It is part poem, part prayer service, and part therapy session, but the first thing that will strike you about From Divorce to Restoration is its name. Restoration? Really? Aside from death, divorce is the human event least likely to result in a return to the status quo ante. The best we can hope for is to become sadder but wiser, but most folks end up just sadder. And, for many, it’s worse: ending up broke, broken, dispised by progeny, alienated from friends, with empty spaces inside where hope and optimism used to be. But that, after all, is the territory From Divorce to Restoration seeks to mine.
The play follows the experiences of three women — Bathsheba (Bathsheba Smithen, who is also the playwright), Talaya (Talaya S. Simpson) and Shannon (Shannon Webster) as they seek to find their footing after traumatic divorces. In each instance, the woman is left bewildered — wasn’t I good enough? — and sad, remembering the good and loving times they had with their husbands (or imagined they had with their husbands) and feeling the hole in their hearts.
From Divorce to Restoration closes July 28, 2019. Details and tickets
And — not to give anything away, but this is apparent from the first few notes of recorded music — this is an exposition into the Christian religion, and the clear punch line is that only the love of Jesus Christ is ultimately reliable, and it is always reliable. The play explores Bathsheba’s dilemma in great detail, and to do so Smithen takes on four personas — “Bathsheba”, a sophisticated and somewhat arrogant woman who dwells on the injustice done her, “Sheba”, who is Bathsheba at five and who pines for the storybook relationship that her mother promises awaits her, “Salathiel,” a spiritual guide, and “Jan”, who seems to serve the same function for Bathsheba that Lear’s fool plays for Lear in that play. Bathsheba’s former husband has entered a happy and successful relationship with a new lover, and Bathsheba cannot fathom why God would permit this, since she is so good and they are so bad. The parallel with the Pharisee and the Publican in Luke 18: 9-14 is inescapable.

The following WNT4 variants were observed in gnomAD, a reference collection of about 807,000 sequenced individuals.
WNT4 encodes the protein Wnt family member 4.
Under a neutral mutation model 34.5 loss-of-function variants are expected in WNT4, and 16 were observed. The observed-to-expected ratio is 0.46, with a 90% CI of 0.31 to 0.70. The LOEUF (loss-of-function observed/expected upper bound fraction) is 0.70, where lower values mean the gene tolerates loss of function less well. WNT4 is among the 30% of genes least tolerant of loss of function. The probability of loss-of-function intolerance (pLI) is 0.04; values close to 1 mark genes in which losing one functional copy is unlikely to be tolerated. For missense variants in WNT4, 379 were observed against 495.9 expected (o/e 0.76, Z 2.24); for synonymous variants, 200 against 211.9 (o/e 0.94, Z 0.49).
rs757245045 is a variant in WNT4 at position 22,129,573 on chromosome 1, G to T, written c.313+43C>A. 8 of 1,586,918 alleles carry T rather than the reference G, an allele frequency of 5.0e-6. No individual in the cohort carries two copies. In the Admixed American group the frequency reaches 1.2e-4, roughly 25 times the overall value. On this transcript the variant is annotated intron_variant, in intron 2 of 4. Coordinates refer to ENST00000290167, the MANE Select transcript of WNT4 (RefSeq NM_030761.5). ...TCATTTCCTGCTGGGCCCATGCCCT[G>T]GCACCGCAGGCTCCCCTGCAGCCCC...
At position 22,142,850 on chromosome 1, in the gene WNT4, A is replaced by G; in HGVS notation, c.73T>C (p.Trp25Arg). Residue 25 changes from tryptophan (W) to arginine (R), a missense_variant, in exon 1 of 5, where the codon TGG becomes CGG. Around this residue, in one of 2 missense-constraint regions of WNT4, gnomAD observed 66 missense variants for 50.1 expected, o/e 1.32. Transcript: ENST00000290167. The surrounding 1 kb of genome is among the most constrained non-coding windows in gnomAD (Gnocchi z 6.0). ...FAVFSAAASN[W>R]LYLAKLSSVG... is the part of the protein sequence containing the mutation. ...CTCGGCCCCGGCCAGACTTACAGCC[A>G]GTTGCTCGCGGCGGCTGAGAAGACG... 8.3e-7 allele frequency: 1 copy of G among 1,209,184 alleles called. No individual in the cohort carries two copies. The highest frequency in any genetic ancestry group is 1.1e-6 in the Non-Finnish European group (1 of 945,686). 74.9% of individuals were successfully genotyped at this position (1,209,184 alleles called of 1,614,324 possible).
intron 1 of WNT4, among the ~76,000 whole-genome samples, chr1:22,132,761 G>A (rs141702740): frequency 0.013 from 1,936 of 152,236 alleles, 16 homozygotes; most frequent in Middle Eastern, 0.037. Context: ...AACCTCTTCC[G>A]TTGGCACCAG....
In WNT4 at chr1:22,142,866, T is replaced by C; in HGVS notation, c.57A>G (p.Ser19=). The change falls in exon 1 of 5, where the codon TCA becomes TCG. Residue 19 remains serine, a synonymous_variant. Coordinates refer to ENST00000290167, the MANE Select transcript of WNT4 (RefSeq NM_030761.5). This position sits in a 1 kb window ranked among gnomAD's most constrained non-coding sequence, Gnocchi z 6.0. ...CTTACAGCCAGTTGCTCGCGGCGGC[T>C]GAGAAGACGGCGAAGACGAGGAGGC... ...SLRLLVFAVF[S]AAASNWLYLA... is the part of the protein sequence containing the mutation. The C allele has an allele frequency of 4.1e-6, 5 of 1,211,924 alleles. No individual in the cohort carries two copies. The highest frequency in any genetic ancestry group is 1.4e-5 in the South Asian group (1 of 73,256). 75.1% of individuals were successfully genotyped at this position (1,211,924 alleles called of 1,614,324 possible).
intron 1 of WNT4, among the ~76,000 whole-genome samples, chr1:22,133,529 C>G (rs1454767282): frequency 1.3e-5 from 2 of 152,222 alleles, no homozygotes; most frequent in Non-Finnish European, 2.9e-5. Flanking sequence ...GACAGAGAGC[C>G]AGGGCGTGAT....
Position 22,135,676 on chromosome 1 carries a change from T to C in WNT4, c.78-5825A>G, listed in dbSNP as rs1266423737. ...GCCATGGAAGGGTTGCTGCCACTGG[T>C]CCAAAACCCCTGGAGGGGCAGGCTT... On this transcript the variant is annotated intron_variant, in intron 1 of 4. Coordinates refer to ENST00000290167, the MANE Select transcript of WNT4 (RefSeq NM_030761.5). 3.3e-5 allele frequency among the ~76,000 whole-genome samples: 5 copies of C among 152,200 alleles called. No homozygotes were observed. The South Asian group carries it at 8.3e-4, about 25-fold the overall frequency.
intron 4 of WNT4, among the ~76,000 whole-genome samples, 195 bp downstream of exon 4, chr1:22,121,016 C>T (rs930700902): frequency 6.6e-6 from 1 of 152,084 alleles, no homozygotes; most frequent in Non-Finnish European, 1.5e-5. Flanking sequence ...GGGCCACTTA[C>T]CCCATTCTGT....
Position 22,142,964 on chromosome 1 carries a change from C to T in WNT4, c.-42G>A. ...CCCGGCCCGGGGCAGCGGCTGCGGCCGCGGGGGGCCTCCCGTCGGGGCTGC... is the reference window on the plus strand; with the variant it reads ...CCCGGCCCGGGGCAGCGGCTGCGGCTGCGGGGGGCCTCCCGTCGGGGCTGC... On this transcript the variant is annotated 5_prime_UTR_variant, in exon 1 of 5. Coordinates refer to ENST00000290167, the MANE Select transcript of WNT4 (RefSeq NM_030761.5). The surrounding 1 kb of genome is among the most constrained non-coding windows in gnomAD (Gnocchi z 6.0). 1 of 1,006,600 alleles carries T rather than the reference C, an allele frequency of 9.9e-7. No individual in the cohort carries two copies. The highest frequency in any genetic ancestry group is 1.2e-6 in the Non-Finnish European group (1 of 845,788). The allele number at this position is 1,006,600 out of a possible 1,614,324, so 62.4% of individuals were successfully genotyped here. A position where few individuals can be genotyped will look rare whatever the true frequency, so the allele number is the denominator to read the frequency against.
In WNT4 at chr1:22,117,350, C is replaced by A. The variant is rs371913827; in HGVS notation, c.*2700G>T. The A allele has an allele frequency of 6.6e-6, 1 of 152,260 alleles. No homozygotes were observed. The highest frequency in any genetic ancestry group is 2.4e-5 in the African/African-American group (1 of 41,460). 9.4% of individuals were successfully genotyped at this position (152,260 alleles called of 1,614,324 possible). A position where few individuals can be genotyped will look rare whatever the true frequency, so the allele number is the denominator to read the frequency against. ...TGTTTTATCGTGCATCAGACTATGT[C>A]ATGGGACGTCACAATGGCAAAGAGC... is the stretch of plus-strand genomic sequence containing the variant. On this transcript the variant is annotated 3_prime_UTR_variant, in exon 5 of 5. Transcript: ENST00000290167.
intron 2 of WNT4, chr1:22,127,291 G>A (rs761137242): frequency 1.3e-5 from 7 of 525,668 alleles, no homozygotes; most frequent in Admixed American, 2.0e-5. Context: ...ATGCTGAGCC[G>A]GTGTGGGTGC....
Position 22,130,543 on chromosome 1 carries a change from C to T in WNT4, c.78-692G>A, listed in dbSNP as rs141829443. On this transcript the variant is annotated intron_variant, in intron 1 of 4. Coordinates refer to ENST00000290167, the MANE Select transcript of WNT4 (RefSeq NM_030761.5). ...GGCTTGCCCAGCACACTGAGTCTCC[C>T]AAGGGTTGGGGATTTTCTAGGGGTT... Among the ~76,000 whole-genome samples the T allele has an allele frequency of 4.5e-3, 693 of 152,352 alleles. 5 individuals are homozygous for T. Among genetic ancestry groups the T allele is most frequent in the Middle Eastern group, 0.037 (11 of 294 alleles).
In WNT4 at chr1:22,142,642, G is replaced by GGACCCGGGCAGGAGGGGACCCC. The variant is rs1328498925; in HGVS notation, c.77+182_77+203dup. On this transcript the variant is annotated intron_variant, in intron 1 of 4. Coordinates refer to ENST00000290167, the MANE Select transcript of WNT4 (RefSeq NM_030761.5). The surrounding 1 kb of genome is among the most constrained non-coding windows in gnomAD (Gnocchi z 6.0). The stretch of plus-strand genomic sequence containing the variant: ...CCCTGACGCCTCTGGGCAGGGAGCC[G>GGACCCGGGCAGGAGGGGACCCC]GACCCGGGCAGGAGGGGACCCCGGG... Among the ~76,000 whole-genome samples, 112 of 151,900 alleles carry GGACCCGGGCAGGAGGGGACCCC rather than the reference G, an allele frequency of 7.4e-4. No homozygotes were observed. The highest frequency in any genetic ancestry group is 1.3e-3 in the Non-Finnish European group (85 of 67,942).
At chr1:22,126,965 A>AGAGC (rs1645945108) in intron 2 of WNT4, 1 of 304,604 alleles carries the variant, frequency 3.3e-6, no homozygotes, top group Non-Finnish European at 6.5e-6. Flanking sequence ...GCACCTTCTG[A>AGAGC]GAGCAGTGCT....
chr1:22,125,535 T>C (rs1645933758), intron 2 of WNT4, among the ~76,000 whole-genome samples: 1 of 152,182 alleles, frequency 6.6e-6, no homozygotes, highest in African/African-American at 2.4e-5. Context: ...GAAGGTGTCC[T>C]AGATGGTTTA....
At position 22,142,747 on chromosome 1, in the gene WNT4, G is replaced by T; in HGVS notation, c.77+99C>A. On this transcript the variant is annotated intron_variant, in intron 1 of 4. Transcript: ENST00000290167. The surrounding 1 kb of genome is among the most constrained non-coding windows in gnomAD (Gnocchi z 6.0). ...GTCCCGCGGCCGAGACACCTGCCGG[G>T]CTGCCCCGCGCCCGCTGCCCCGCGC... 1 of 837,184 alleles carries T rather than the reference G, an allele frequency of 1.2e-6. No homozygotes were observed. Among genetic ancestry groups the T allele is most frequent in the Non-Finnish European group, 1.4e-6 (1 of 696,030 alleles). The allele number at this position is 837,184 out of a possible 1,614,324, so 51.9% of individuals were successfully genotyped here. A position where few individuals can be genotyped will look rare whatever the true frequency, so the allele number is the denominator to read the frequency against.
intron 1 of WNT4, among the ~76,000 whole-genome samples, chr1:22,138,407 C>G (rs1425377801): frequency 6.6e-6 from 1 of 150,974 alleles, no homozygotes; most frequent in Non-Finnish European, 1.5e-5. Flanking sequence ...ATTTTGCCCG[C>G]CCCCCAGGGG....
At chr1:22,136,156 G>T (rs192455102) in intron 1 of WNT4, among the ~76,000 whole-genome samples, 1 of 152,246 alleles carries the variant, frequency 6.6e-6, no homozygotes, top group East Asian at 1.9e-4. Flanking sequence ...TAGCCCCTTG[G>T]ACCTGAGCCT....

The cannon-voiced Ms. Smithen achieves good separation among her characters, but she sometimes overwhelms the room, which is acoustically more appropriate for a meeting than a stage play. Particularly when she plays Jan, who carries a sneer in her voice, she can be hard to understand. Simpson and Webster, playing at a more subdued pitch, fare better, though Simpson’s character has an emotional moment which Simpson renders with great effectiveness.
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At ninety minutes, From Divorce to Restoration goes on too long. It is about three-quarters divorce and one-quarter restoration, and all three characters have essentially the same dilemma: they have been abandoned by their husbands, whom they still love, and thus the world makes no sense to them. It is sad and painful, but also redundant. And occasionally the play takes a frolic and detour; Smithen, as Jan, shows off her dance moves for about five minutes. She’s good, but the interlude doesn’t advance the story, and that’s fatal for what should be a short play.
What is striking about From Divorce to Restoration is that though the details are different, the theme is similar to much of the therapeutic advice currently given to people who have suffered a permanent rupture in their primary relationship — which is to find the wellsprings of love not in another person, but in one’s self. To say we must love ourselves in spite of all our human imperfections is not much different than saying that Jesus loves us notwithstanding our sins. We cannot rely on other people to define our self-worth — or, as it says in Scripture, “put not your trust in Princes.” (Psalm 146:3)
From Divorce to Restoration by Bathsheba Smithen, directed by Kristina Buck and Michelle Talkington, featuring Bathsheba Smithen, Talaya S. Simpson, and Shannon Webster . Set design: Robert Talkington . Sound designer: Ronald Thornton . Makeujp: Reva Brown . Photographer: Douglas Jacobs . Crew: Trinity Goss, Charlisha Manning, and Alorah Van Tassell . Stage manager: Michelle Talkington . Produced by Michelle Talkington and Bathsheba Smithen for the 2019 Capital Fringe Festival . Reviewed by Tim Treanor.